- Major advertisers have dropped number one rating Sydney radio broadcaster Alan Jones after he attacked NZ prime minister Jacinda Ardern on air.
- Jones told his listeners that prime minister Scott Morrison should “shove a sock” down Ardern's throat over comments about climate change.
- His employer, Macquarie Media, says a repeat of such abuse will result in the sacking of Jones.
Advertisers have started leaving Alan Jones after the number one rating Sydney radio broadcaster attacked NZ prime minister Jacinda Ardern.
The broadcaster now says he has sent a private apology to Ardern for saying the Australian prime minister should shove a sock down her throat.
Scott Morrison described Jones's comments as "way out of line" and Malcolm Turnbull, the former prime minister of Australia, described them as a "misogynistic rant".
Frank Bainimarama, the prime minister of Fiji, said: "Easy to tell someone to shove a sock down a throat when you’re sitting in the comfort of a studio. The people of the Pacific, forced to abandon their homes due to climate change, don’t have that luxury. Try saying it to a Tuvaluan child pleading for help."
Russell Tate, chair of Jones’ employer, Macquarie Media, said: “I have today discussed the matter with Alan and advised him that any recurrence of commentary of this nature will result in the termination of his contract.”
Jones multi-million dollar contract was renewed for two years last month. Tate commented at the close of negotiations: “All of us at Macquarie are delighted that we will continue along for the ride with one of the Australian media’s most outstanding performers.”
Jones has dominated Sydney radio with 218 ratings survey wins, including 15 consecutive years at number one on 2GB.
ME Bank was the first to drop Jones on Friday, saying: "We have removed our advertising from the station and advised why. We take this very seriously and these types of comments don’t reflect our values."
Discount home electrical chain Bing Lee and bedroom furniture store Snooze followed.
Jones' latest on-air attack on an individual could be an asset value shrinking problem for major media group Nine which is in the process of taking full control of radio network Macquarie Media, including Jones’ station, Sydney’s 2GB.
Nine is paying $113.9 million, at $1.46 per share, for the 45.5% stake in the network which it doesn’t own. Jones himself is a beneficiary in this through his 1% holding in Macquarie Media, worth about $2.7 million.
The loss of Jones, now nearer because of the last chance ultimatum by the chairman, would cut the value of Macquarie Media substantially unless another number one rating broadcasters could be found.
The company is aware of the risks. In its latest annual report, Macquarie Media says a significant decline in ratings could “potentially impact our advertising revenue” and financial results.
Macquarie Media says: “We address this risk by employing well known and professional presenters in addition to the development of succession plans that capture and retain our target audience.”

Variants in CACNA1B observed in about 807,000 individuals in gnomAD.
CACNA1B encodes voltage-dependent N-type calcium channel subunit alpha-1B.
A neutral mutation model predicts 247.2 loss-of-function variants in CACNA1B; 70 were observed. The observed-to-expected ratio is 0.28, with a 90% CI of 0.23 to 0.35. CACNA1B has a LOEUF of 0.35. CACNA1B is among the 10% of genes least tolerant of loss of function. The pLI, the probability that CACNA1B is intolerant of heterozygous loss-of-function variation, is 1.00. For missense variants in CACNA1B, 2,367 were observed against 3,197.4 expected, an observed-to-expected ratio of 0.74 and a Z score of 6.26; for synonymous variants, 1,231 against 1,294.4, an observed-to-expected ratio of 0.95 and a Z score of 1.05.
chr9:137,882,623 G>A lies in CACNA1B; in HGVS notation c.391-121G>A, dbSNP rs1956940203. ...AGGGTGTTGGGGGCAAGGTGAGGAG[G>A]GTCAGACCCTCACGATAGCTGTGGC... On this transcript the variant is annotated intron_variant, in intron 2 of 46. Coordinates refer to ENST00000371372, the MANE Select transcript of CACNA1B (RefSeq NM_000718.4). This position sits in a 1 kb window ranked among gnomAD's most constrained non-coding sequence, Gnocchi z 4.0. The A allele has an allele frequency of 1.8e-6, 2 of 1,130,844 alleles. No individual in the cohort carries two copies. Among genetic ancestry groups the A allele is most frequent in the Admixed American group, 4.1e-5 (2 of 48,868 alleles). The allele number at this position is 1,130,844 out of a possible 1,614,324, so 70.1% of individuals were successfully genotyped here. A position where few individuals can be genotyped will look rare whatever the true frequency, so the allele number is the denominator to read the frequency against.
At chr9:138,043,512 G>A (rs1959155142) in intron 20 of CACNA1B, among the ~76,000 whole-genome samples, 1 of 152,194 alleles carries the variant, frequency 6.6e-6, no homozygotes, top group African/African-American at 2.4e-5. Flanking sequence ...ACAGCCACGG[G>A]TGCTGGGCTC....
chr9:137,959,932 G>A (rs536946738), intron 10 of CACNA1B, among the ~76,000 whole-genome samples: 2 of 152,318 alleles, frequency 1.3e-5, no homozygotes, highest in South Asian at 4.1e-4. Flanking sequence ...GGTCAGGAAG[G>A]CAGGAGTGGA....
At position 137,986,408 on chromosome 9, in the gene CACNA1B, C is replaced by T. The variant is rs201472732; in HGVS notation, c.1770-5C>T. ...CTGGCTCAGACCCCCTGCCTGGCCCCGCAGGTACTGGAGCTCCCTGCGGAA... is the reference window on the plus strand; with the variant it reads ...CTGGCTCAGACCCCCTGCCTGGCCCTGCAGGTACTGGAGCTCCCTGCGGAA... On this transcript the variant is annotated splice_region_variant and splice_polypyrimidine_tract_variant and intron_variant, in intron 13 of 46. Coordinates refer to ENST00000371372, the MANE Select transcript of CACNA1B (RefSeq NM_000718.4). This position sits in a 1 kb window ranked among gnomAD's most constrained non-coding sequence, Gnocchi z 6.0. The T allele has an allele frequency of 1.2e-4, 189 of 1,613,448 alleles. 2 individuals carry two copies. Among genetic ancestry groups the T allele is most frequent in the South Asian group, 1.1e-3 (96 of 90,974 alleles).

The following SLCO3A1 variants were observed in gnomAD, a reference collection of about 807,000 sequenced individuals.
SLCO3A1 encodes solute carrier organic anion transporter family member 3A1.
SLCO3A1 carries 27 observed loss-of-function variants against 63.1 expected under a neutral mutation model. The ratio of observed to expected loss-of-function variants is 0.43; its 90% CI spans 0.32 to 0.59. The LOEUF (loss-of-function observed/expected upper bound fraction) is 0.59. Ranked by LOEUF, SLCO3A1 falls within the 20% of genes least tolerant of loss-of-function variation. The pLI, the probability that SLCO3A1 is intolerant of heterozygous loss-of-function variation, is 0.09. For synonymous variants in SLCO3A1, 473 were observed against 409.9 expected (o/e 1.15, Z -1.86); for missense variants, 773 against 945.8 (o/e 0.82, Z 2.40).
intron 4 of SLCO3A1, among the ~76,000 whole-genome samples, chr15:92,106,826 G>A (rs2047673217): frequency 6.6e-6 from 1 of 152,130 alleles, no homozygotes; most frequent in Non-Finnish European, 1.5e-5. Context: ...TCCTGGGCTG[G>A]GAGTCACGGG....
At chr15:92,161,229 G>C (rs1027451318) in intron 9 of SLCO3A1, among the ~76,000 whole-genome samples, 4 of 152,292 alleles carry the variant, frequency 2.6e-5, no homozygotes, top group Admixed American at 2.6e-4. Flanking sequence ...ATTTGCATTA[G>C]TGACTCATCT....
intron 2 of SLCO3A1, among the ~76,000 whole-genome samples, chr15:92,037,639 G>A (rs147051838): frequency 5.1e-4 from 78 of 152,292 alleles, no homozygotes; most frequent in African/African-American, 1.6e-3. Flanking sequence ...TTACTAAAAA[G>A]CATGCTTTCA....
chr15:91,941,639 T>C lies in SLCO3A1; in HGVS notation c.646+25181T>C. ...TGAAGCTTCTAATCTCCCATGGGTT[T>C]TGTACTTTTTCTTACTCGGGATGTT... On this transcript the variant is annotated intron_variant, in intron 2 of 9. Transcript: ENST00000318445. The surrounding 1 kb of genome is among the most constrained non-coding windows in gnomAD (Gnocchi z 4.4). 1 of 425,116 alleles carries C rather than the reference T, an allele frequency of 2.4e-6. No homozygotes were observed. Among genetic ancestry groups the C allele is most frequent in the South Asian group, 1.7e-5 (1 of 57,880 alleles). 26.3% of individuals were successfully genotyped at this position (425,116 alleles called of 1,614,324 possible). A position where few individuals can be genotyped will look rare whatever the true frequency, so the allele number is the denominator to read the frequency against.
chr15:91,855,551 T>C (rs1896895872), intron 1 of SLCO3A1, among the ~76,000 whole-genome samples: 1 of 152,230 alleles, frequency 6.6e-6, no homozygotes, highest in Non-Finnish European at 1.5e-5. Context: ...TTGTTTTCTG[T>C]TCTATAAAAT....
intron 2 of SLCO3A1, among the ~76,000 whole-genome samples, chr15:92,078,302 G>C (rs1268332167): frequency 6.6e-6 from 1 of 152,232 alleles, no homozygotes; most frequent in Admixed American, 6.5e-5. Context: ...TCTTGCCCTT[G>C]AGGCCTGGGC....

Jones has been criticised in court for his lack of factual accuracy. The regulator, the Australian Communications and Media Authority (ACMA), has also pinged him 12 times in the past decade for failing to be accurate and breaching standards of decency.
Among the pings from ACMA was that Jones got the facts wrong about the cost of the NBN, using emotive language such as "white elephant" and "disaster".
In 2012, ACMA ordered Jones to undertake training on "factual accuracy and significant viewpoints". This was after Jones told a Sydney University Liberal Club function that then prime minister Julia Gillard's father "died of shame" because of his daughter's "lies".
The 2018 Macquarie Media annual report shows a charge of more than $3 million in 2018 for defamation proceedings. The report doesn’t link this to Jones.
However, in the financial year just closed, the Supreme Court in Brisbane awarded $3.75 million in damages against Jones and 2GB for saying a family was responsible for the deaths of 12 people in the 2011 Grantham floods when a quarry wall owned by the family collapsed. This liability is expected to be reported in the company’s 2019 annual report.
In that case, the judge, Justice Flanagan, told the court Jones used "intrinsically vicious and spiteful wording” and that the broadcaster had a “wilful blindness to the truth or falsity of the defamatory accusations".
In the latest incident, Jones at first explained his on air rant against Ardern as being misinterpreted. He had meant to say, he said, that Morrison should tell Ardern to “put a sock in it".
He has since changed that position, saying: ”The comments I made about the New Zealand Prime Minister Jacinda Ardern were careless, avoidable and totally unacceptable. In the radio game you have to choose your words carefully and I didn't do that. There is no excuse. I have written privately to prime minister Ardern to sincerely apologise for what I said.”
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